Applied Materials (AMAT) Exiting Thin Film Solar Biz To Focus On Silcon Solar, LED Lighting

Applied Materials (AMAT) is making a significant shift in its green energy strategy, abandoning its thin film solar business and focusing more on traditional solar technologies as well as LED.  The thin film solar business has never really gotten off the ground as evidenced by the languishing stock price of Energy Conversion Devices (ENER).  I don’t think it’s time to call the technology dead in the water, but when a company like Applied Materials decides to exit, it doesn’t bode well for the future of thin film.  Instead, AMAT will focus on traditional silicon solar as well as LED lighting to drive growth.  Smart move. 

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The company will restructure its Energy & Environmental Solutions segment, taking a hit of $400 million and cutting 500 jobs during the quarter.  In the long run, the company believes it can save $100 million a year in operating expenses and get to profitability in the segment by next year.  If they can ramp up their LED business, I don’t doubt it. 

New sales of its SunFab systems and individual tools for manufacturing thin film solar panels will be discontinued , although the company will continue its R&D operations and provide support to existing customers.

AMAT CEO Mike Splinter commented: “While Applied has delivered significant innovations with our SunFab production line and made substantial progress on our technology roadmap, the thin film market has been negatively impacted by several factors, including delays in utility-scale solar adoption, solar panel manufacturers’ challenges in obtaining affordable capital, changes and uncertainty in government renewable energy policies, and competitive pressure from crystalline silicon technologies.  Led by Mark Pinto, EES will focus on our industry-leading crystalline silicon solar business and on pursuing other opportunities in advanced energy technologies like LED lighting.”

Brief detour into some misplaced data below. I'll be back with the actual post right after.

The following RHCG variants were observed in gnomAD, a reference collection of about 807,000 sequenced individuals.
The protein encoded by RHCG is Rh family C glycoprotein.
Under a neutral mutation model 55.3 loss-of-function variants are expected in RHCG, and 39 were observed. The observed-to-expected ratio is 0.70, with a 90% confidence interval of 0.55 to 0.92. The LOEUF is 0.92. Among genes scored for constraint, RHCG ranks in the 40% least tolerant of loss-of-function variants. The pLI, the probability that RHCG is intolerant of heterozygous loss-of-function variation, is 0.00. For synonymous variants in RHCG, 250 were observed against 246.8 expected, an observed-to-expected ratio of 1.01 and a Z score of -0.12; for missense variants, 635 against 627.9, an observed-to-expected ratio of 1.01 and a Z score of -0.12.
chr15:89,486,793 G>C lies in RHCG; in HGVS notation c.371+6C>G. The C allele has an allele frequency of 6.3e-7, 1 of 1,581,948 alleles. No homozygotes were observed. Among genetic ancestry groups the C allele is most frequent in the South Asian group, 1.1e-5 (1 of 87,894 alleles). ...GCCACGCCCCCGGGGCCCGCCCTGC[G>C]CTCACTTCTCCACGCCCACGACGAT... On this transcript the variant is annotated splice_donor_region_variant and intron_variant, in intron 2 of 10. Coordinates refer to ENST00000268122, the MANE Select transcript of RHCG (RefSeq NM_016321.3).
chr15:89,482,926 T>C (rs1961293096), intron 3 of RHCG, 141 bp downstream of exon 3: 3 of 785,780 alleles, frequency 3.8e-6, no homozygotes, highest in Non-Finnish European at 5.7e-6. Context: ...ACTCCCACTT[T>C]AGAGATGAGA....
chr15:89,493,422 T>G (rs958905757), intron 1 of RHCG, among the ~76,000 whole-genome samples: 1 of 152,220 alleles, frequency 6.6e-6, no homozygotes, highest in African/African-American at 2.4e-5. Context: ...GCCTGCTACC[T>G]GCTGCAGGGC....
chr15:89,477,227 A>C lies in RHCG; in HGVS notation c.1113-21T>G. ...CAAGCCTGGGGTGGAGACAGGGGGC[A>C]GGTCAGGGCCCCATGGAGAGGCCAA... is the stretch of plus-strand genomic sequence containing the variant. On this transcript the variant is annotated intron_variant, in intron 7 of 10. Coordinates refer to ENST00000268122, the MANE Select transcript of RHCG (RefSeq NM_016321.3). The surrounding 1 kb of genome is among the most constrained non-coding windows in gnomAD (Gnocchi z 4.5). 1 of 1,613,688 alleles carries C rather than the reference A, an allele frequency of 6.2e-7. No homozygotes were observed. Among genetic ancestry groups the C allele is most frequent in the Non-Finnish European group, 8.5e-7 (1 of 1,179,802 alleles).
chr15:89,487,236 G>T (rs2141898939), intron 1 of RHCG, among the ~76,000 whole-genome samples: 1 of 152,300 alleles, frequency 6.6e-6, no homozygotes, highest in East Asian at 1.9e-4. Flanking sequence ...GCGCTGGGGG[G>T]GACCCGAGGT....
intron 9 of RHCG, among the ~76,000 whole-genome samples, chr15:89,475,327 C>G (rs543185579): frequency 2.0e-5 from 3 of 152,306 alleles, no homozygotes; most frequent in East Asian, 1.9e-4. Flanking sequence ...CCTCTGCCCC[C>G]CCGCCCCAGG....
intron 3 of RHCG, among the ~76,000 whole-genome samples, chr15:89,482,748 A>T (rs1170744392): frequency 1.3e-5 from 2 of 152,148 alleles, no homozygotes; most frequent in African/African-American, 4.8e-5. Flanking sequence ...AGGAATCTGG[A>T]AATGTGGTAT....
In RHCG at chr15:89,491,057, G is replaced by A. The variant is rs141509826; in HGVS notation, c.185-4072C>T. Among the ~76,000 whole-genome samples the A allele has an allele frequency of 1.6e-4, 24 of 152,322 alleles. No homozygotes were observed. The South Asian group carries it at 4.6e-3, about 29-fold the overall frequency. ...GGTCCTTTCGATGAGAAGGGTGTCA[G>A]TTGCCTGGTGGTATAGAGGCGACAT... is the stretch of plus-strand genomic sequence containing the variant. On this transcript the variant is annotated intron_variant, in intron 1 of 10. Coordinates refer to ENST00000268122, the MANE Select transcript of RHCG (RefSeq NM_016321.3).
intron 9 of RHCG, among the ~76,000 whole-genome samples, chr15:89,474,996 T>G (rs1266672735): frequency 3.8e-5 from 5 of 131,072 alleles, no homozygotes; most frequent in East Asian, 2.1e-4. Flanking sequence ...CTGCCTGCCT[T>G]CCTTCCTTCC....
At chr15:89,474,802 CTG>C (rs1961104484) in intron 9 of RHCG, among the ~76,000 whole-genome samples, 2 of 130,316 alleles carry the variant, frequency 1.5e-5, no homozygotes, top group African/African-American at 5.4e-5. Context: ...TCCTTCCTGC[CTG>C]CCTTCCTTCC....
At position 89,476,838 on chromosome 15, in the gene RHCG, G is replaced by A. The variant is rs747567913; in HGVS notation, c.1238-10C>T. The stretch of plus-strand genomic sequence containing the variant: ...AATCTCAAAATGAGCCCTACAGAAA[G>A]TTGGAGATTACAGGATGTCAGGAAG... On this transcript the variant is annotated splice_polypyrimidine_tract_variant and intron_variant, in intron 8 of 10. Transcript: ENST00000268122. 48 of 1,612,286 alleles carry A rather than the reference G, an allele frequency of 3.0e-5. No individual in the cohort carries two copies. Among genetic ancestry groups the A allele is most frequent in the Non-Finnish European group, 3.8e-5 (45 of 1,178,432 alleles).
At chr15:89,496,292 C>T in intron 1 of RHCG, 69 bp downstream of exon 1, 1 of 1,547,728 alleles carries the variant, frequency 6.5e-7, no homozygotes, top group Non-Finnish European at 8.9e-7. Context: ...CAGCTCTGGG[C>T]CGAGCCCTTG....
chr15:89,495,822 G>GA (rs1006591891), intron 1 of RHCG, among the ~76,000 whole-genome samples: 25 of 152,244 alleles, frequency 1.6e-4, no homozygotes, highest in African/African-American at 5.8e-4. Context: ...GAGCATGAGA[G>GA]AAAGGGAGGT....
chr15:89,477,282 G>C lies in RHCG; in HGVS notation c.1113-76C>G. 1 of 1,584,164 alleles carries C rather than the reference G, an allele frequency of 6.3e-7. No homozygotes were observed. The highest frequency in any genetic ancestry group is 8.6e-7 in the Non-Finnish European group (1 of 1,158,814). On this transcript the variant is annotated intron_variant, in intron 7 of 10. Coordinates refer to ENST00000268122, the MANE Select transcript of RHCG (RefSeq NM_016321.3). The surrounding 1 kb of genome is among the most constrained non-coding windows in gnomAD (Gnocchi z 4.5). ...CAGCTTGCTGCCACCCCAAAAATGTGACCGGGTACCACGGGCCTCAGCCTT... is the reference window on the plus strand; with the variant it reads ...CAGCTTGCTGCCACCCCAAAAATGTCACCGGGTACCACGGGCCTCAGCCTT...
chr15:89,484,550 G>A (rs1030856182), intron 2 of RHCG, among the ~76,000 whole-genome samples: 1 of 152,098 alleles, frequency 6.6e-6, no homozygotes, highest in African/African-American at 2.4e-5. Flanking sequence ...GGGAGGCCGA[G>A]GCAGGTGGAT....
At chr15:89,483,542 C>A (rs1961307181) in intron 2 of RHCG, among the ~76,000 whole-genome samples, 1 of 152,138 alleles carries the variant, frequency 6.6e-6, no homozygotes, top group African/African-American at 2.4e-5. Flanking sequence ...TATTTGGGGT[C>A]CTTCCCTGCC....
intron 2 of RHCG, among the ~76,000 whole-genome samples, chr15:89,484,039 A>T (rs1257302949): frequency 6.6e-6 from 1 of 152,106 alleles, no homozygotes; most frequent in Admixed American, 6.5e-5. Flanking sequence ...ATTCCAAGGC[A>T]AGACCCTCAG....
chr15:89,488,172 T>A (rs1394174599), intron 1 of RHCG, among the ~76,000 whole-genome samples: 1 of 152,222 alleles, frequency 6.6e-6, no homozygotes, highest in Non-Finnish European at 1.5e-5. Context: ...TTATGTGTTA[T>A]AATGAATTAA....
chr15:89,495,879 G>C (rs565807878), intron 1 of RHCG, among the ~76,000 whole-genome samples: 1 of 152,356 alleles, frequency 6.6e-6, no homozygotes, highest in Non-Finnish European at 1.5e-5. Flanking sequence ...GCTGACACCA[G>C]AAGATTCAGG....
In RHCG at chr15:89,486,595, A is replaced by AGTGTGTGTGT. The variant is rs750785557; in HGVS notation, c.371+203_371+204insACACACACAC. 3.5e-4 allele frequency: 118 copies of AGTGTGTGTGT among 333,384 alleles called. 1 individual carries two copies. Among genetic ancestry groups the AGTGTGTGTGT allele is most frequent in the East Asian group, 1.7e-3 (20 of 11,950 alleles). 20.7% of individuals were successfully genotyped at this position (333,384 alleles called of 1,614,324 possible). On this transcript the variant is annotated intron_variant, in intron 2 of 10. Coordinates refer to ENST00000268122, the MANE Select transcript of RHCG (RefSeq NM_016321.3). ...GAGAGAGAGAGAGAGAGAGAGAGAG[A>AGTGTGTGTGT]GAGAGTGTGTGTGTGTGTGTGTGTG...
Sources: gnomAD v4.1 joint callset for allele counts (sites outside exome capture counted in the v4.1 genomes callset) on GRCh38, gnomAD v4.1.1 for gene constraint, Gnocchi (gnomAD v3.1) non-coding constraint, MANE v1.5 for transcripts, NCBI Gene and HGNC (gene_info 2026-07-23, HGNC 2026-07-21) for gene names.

2 thoughts on “Applied Materials (AMAT) Exiting Thin Film Solar Biz To Focus On Silcon Solar, LED Lighting”

  1. Applied Materials getting out of thin film has nothing to do with the viability of the technology. Applied faced two fundamental problems that had nothing to do with the market; their tools didn’t work, and they cost too much. A short search on the web will turn up many articles on both issues.


  2. I suppose the point I was making was that if they did see great potential in the technology, they would have put the resources into it. It’s a no vote from a company that knows the industry well. You could also take a look at companies in the field such as DSTI, ASTI and ENER which continue to languish.

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